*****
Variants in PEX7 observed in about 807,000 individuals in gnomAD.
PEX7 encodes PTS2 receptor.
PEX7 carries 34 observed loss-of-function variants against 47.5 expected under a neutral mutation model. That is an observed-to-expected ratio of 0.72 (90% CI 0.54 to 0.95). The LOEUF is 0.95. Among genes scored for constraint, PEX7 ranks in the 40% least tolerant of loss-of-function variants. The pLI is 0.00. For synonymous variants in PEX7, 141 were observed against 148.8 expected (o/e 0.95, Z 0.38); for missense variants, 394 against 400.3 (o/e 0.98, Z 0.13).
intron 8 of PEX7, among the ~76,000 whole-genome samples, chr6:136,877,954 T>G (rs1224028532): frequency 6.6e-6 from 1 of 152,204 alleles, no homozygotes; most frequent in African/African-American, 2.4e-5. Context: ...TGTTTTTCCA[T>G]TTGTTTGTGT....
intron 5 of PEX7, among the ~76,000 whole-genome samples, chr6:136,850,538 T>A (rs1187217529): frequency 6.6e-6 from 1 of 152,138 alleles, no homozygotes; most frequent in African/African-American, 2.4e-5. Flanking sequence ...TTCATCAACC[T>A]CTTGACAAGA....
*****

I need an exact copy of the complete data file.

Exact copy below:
Variants in PEX7 observed in about 807,000 individuals in gnomAD.
PEX7 encodes PTS2 receptor.
PEX7 carries 34 observed loss-of-function variants against 47.5 expected under a neutral mutation model. That is an observed-to-expected ratio of 0.72 (90% CI 0.54 to 0.95). The LOEUF is 0.95. Among genes scored for constraint, PEX7 ranks in the 40% least tolerant of loss-of-function variants. The pLI is 0.00. For synonymous variants in PEX7, 141 were observed against 148.8 expected (o/e 0.95, Z 0.38); for missense variants, 394 against 400.3 (o/e 0.98, Z 0.13).
intron 8 of PEX7, among the ~76,000 whole-genome samples, chr6:136,877,954 T>G (rs1224028532): frequency 6.6e-6 from 1 of 152,204 alleles, no homozygotes; most frequent in African/African-American, 2.4e-5. Context: ...TGTTTTTCCA[T>G]TTGTTTGTGT....
intron 5 of PEX7, among the ~76,000 whole-genome samples, chr6:136,850,538 T>A (rs1187217529): frequency 6.6e-6 from 1 of 152,138 alleles, no homozygotes; most frequent in African/African-American, 2.4e-5. Flanking sequence ...TTCATCAACC[T>A]CTTGACAAGA....